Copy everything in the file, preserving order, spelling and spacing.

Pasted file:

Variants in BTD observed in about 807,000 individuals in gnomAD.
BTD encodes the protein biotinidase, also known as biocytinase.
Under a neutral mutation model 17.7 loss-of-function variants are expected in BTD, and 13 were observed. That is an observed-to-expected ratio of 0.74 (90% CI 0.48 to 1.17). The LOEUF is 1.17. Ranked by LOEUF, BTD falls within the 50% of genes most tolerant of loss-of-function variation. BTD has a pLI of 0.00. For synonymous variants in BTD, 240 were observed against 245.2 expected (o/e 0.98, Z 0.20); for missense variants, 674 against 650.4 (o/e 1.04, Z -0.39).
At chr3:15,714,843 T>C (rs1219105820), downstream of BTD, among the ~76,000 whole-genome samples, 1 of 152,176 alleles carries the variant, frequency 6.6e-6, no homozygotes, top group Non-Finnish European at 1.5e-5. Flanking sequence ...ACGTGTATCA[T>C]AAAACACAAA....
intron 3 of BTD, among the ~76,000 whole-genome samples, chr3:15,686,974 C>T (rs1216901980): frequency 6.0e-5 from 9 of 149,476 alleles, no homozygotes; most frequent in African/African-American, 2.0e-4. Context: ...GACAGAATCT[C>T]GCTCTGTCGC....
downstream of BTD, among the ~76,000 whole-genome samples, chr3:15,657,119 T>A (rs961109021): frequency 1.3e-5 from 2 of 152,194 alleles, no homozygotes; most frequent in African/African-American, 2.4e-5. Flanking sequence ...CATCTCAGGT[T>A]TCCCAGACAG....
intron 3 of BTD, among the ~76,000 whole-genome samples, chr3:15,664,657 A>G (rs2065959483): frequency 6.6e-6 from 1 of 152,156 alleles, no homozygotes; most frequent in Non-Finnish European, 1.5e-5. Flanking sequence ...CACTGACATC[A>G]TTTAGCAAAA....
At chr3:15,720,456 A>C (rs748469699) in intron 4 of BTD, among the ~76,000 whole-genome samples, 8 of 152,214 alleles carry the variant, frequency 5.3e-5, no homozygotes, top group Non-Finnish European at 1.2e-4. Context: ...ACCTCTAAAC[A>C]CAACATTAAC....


Variants in BTD observed in about 807,000 individuals in gnomAD.
BTD encodes the protein biotinidase, also known as biocytinase.
Under a neutral mutation model 17.7 loss-of-function variants are expected in BTD, and 13 were observed. That is an observed-to-expected ratio of 0.74 (90% CI 0.48 to 1.17). The LOEUF is 1.17. Ranked by LOEUF, BTD falls within the 50% of genes most tolerant of loss-of-function variation. BTD has a pLI of 0.00. For synonymous variants in BTD, 240 were observed against 245.2 expected (o/e 0.98, Z 0.20); for missense variants, 674 against 650.4 (o/e 1.04, Z -0.39).
At chr3:15,714,843 T>C (rs1219105820), downstream of BTD, among the ~76,000 whole-genome samples, 1 of 152,176 alleles carries the variant, frequency 6.6e-6, no homozygotes, top group Non-Finnish European at 1.5e-5. Flanking sequence ...ACGTGTATCA[T>C]AAAACACAAA....
intron 3 of BTD, among the ~76,000 whole-genome samples, chr3:15,686,974 C>T (rs1216901980): frequency 6.0e-5 from 9 of 149,476 alleles, no homozygotes; most frequent in African/African-American, 2.0e-4. Context: ...GACAGAATCT[C>T]GCTCTGTCGC....
downstream of BTD, among the ~76,000 whole-genome samples, chr3:15,657,119 T>A (rs961109021): frequency 1.3e-5 from 2 of 152,194 alleles, no homozygotes; most frequent in African/African-American, 2.4e-5. Flanking sequence ...CATCTCAGGT[T>A]TCCCAGACAG....
intron 3 of BTD, among the ~76,000 whole-genome samples, chr3:15,664,657 A>G (rs2065959483): frequency 6.6e-6 from 1 of 152,156 alleles, no homozygotes; most frequent in Non-Finnish European, 1.5e-5. Flanking sequence ...CACTGACATC[A>G]TTTAGCAAAA....
At chr3:15,720,456 A>C (rs748469699) in intron 4 of BTD, among the ~76,000 whole-genome samples, 8 of 152,214 alleles carry the variant, frequency 5.3e-5, no homozygotes, top group Non-Finnish European at 1.2e-4. Context: ...ACCTCTAAAC[A>C]CAACATTAAC....